Oracle Corp. is turning to mid-market customers as a source of new business with a low-price edition of its application server pitched against BEA Systems Inc, IBM and Microsoft.
The company will next month launch Oracle Application Server Standard Edition One, comprising a Java 2 Enterprise Edition (J2EE) container, portal, integration, business intelligence and identity management software for machines running two CPUs.
Standard Edition One, to be launched at Oracle OpenWorld in London, UK, will be priced $5,000 per CPU compared to $20,000 for the enterprise edition of Oracle’s application server.
Pricing, brand and strategy follow Standard Edition One of Oracle’s database launched in October 2003, priced $4,999 per CPU across two processors.
Oracle is squaring up to Microsoft Corp. in the Small and Medium Business (SMB) market where, it believes, other J2EE vendors – including IBM Corp. which has been targeting the mid-market customers with an Express line of products such as DB2 and WebSphere application server – have failed, or are failing to execute.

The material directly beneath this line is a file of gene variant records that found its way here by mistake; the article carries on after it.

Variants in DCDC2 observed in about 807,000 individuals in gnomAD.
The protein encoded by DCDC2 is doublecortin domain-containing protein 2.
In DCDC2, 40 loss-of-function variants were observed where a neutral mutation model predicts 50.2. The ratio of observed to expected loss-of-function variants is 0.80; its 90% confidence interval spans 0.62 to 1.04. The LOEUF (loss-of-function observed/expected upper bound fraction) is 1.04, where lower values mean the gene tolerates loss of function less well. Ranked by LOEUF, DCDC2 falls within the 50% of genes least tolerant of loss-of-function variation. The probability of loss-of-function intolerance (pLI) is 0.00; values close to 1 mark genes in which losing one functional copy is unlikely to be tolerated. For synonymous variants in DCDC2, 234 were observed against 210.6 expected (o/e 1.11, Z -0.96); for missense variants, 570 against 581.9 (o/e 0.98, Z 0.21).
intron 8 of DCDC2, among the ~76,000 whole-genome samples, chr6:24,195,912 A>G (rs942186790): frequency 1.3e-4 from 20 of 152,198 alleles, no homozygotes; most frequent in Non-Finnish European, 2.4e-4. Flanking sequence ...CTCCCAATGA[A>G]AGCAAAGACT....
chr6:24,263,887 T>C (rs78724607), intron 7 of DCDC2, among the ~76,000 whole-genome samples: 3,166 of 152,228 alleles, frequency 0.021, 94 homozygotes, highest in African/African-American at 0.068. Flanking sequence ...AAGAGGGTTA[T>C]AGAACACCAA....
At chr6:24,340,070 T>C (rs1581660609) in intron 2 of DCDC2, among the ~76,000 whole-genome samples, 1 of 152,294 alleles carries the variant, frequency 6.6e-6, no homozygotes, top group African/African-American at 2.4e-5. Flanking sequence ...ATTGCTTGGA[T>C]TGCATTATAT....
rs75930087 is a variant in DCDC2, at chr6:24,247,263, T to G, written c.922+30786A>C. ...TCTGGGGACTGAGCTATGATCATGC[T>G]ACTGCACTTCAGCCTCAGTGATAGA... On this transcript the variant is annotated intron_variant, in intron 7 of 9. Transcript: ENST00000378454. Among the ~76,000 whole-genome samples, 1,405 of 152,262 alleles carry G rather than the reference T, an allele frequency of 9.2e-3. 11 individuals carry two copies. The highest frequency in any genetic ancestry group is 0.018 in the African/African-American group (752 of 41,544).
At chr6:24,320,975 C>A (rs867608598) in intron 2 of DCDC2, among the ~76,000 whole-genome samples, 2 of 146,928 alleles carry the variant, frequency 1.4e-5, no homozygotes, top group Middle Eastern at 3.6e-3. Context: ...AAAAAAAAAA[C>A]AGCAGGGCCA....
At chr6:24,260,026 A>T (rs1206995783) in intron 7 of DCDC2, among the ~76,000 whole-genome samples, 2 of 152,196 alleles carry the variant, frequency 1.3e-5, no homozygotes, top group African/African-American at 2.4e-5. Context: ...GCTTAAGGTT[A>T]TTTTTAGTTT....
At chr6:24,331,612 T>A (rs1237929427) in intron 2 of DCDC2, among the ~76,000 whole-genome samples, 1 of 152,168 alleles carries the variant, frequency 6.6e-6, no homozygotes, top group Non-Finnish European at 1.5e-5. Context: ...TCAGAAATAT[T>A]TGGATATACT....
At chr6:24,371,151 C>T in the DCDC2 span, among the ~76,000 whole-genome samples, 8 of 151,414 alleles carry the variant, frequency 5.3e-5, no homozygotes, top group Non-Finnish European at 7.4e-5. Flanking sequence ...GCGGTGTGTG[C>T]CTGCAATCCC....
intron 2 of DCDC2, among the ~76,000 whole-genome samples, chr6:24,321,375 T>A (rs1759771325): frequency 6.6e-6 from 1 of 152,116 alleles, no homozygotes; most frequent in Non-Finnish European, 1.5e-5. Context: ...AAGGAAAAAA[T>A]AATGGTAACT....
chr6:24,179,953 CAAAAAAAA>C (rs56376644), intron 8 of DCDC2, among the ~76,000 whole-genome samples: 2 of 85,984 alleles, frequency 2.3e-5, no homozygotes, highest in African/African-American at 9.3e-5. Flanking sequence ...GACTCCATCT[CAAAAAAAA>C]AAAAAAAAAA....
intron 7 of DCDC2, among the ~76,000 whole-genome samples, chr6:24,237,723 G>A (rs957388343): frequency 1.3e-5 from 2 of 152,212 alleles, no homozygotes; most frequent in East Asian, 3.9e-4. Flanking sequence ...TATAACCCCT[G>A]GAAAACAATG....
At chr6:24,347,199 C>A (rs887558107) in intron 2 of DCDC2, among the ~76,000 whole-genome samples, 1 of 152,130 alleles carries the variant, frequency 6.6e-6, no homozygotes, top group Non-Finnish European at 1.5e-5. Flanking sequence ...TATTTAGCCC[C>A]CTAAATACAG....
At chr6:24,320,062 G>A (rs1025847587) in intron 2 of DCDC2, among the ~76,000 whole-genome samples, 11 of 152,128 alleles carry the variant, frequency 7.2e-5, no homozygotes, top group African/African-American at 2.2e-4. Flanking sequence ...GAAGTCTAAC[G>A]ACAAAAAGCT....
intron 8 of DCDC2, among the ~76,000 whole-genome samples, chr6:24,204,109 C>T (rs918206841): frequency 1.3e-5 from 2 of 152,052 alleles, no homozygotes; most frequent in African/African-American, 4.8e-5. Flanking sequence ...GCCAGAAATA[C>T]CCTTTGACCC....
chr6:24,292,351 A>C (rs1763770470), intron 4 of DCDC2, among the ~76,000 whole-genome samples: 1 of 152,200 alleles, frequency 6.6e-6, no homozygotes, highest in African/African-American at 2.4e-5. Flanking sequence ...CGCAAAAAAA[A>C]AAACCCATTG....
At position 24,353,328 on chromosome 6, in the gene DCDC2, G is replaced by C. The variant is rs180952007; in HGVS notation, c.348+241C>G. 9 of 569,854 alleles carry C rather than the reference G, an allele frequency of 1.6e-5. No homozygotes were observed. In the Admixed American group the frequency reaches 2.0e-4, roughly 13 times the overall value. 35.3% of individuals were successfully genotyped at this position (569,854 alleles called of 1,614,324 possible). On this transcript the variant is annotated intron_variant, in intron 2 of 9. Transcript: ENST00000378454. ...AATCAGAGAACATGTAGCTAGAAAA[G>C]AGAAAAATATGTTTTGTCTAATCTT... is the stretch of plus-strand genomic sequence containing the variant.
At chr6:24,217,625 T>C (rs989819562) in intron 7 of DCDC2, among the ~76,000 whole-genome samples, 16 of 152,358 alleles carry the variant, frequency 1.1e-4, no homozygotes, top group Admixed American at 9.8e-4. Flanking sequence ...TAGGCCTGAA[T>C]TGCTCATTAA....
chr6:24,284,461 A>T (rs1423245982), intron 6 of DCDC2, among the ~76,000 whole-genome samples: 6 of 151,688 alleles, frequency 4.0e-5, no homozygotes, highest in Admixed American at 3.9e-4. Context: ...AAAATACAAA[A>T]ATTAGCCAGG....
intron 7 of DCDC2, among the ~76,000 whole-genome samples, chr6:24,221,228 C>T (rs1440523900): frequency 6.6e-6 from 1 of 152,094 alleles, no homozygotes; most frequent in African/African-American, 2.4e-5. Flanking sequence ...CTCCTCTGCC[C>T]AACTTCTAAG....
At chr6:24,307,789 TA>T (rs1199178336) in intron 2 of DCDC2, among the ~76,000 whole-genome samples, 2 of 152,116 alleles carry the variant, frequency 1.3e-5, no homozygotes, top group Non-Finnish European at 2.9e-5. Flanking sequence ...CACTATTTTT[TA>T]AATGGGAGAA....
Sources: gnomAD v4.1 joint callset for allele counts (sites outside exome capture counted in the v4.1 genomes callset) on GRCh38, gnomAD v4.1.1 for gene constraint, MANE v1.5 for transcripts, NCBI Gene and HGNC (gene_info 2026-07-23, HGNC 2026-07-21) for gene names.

Oracle Application Server Standard Edition will also be used by Oracle to up-sell customers into the company’s other applications.
Senior vice president, Thomas Kurian, said: IBM is turning into that [SMB] space with Express, but has a long way to go. BEA is still highly priced and has no channel.
Microsoft is the primary player, but only available on Windows, not Linux – people want that [Linux] because it’s free and open, Kurian told financial analysts during a strategy briefing late last week.
You can build your extranets, internet applications and corporate portals using Standard Edition One. Coupled with the database, it will allow you to have the functionality of [Microsoft] SQL Server and Small Business Sever but with many, many more capabilities for information management and scalability, Kurian said.
He noted Oracle is doubling its number of direct sales staff whilst also increasing their degree of specialization. Individuals will sell business intelligence, identity management and J2EE, rather than focusing on selling just the application server.